Returning to the UK for the first time since their 10th anniversary celebrations of debut release ‘What It Is To Burn’, Finch get straight back into routine and blast out ‘New Beginnings’ and first ever single ‘Letters To You’ in a perfectly tight manner, and even a fall by Randy Strohmeyer can’t stop the band in their tracks. The backbone of ‘WIITB’ continues throughout the set with stops along the way – ‘Ink’ always stansd as the strongest from sophomore effort ‘Say Hello To Sunshine’, and singer Nate Bacarlow throws everything into it before new song ‘Anywhere But Here’ gives promise for the upcoming ‘Back To Oblivion’. It’s clear the intro to ‘Stay With Me’ still sends shivers down the spine of the crowd here as they raise their voices to join Bacarlow for the first line, but nothing tops the roar for set and day closer ‘What It Is To Burn’, which gives Hevy Fest the release that it’s been craving all day. A great return to form for Finch, now let’s just hope they can continue their career as they promised all those years ago.


‘Almost There’ pushed Heart In Hand to the next level last year, and the size of the crowd shows that they’re getting some deserved recognition for it. The copiously tattooed Charlie Holmes is sporting a dashing moustache, but has the vocals of no gentleman. The frontman viciously rips through heavy tracks ‘Cuts And Bruises’ and ‘Almost There’, but the band are happy to emphasise the velocity with melodic sections for a rounded gentler sound that many bands playing the Punktastic stage this weekend don’t have. This band is getting bigger and better all the time and with new material en route, it’s sure to continue.

TRC – 8/10
TRC have been quiet for a few months following a big surge in support of self-proclaimed album of the year, ‘Nation’, but a tour with Deez Nuts has sent them into overdrive once again, with frontmen Chris Robson and Anthony Carroll looking seriously pumped up. The grime/hardcore hybrid use their arrogant attitude to their advantage and let the crowd follow by the example they set on stage. ‘Go Hard Or Go Home’ and ‘We Bring War’ send the tent into a frenzy, but the British music celebration ‘#TeamUK’ clearly stands as the fan favourite before ‘London’s Greatest Love Story’ and ‘Define Cocky’ close a rejuvenated set for the London boys.

Welsh hardcore troupe Brutality Will Prevail are creeping up festival bills, and the crowds are getting big enough for Louis Gauthier to demand circle pits and crowd surfing indefinitely throughout their sets. “Spin that shit!” echoes around the tent while bodies fly during ‘Pray For Cleansing’ and ‘Fallen Apart’ as the band put a concrete stamp on their latest era with the Breaking Point singer at the helm. BWP bring punk, metal and hardcore to the table and then elbow drop all genres through said furniture with a brutal streak, and everybody watching loves every second of it.

DEEZ NUTS – 8/10
Deez Nuts return to Hevy Fest to headline the second stage once again, and they’re just as angry and ridiculously entertaining this time round. The band split opinions with their arrogance and explicit lyrics but the crowd take it all with a pinch of salt, and the magic of ‘I Hustle Everyday’ is clear when they scream “Make money, money. Make money, money, money” at the top of their lungs. JJ Peters is calm and collected between songs, but ‘Your Mother Should Have Swallowed You’ and ‘Go Fuck Yourself’ let him unleash his inner demon and compliment the heaviness of the surrounding riffs. Big singles ‘Tonight We’re Gonna Party’ and ‘Band Of Brothers’ call for the tent to break into song and let the Australian band leave with one eye on the phone for that invite for next year.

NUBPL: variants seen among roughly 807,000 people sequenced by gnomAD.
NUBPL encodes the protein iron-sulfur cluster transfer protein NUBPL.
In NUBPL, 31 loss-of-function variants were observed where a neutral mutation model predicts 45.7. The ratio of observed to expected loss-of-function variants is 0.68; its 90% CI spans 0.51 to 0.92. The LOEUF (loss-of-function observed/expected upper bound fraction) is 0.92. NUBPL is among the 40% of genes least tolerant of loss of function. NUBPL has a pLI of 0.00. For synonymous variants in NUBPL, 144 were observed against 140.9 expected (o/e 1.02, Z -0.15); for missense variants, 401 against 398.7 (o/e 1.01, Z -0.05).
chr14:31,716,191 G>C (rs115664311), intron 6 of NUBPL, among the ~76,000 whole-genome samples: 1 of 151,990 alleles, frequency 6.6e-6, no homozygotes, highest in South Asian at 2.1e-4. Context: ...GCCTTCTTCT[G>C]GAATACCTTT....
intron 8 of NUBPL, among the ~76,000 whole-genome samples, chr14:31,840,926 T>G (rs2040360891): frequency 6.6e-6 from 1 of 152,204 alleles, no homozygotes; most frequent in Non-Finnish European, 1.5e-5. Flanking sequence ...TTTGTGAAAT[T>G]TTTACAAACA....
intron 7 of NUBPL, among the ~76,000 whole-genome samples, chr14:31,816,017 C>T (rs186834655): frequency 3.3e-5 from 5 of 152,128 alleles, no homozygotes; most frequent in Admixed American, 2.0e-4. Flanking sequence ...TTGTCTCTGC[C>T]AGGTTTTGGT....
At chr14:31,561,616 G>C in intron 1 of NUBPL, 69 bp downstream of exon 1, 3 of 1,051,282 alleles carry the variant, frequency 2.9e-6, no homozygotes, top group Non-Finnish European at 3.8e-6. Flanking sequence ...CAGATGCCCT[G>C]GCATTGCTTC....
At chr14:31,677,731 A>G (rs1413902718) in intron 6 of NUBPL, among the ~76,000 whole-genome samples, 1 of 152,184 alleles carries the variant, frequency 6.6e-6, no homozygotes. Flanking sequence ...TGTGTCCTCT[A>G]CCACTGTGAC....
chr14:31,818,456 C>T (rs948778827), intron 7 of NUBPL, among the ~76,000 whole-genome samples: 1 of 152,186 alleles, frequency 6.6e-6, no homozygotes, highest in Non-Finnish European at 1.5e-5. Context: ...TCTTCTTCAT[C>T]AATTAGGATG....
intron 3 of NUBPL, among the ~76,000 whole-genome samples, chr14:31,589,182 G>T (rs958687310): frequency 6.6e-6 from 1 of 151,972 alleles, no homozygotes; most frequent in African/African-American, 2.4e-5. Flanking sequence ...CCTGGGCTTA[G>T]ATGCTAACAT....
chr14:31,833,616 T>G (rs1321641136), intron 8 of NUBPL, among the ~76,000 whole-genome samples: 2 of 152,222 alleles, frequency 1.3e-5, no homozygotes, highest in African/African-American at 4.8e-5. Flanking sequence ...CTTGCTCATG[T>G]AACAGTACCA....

UK hardcore’s very own super group Counting Days features past or present members of TRC, Heights and Last Witness, and live up to their prestigious reputation easily. Despite being just one EP into their new project, the band clearly have the experience to deliver a tight live show and tracks off ‘The War Of The Wolf’ sound nurtured and fresh. ‘Sands Of Time’ and ‘Life & Death’ expose the melodic side of hardcore without branching into clean vocals, and a cover of Slipknot‘s pummeling ‘(sic)’ is the perfect way to get this crowd going so early in the afternoon. Hopefully this will turn into more than just a side venture and blossom into a solid future force.

SATURDAY (16/08/2014):

After an array of genres on the Main stage yesterday, Saturday at Hevy has a strict punk policy, with pop-punk, ska-punk and punk rock all on the menu. The hilariously named Scottish trio The Murderburgers are first up and they rattle through as many of their upbeat songs as possible, only briefly stopping to call each other dickheads. ‘All My Best Friends Are Dying’ and ‘It’s Over Already’ may not sound like much fun, but it’s impossible to keep a smile off your face during the set, and the closing 1-2 of ‘My Name Is Elbows’ and ‘Drifting Apart’ sets a very high bar for the day already.

Singer/guitarist Eddy Brewerton just about fights off all the wasps on stage to make it through his honeymoon set as Canterbury boys Moose Blood bring their relaxed emotional pop-punk to the fold. ‘Bukowski’s’ and ‘Evening Coffee’ allow for a subdued sing-a-long in the crowd as hangovers are leisurely cured and the band take the opportunity to play brand new single ‘Swim Down’ ahead of their debut full-length release. Closer ‘Boston’ verifies the calm, stress-free show as a top Saturday afternoon moment to sit down and forget your troubles.

ME VS. HERO – 6/10
Seriously, where have Me Vs. Hero been? The pop-punks were unavoidable four years ago around the release of their debut album, but after seemingly falling off the planet are back to plug their sophomore album, ‘I’m Completely Fine’. Sam Thompson blasts out the words to ‘Days That Shape Our Lives’ with conviction and instantly reminds the crowd of what the band can do before ‘Cashing Cheques’ rams it home. New single, ‘Things We Know’, doesn’t land as successfully as the old material, but still packs the hardcore drums and breakdowns in the Four Year Strong reminiscent way. A welcome return to the festival circuit for the Blackpool lads, now don’t go running off again.

CAPDOWN – 8/10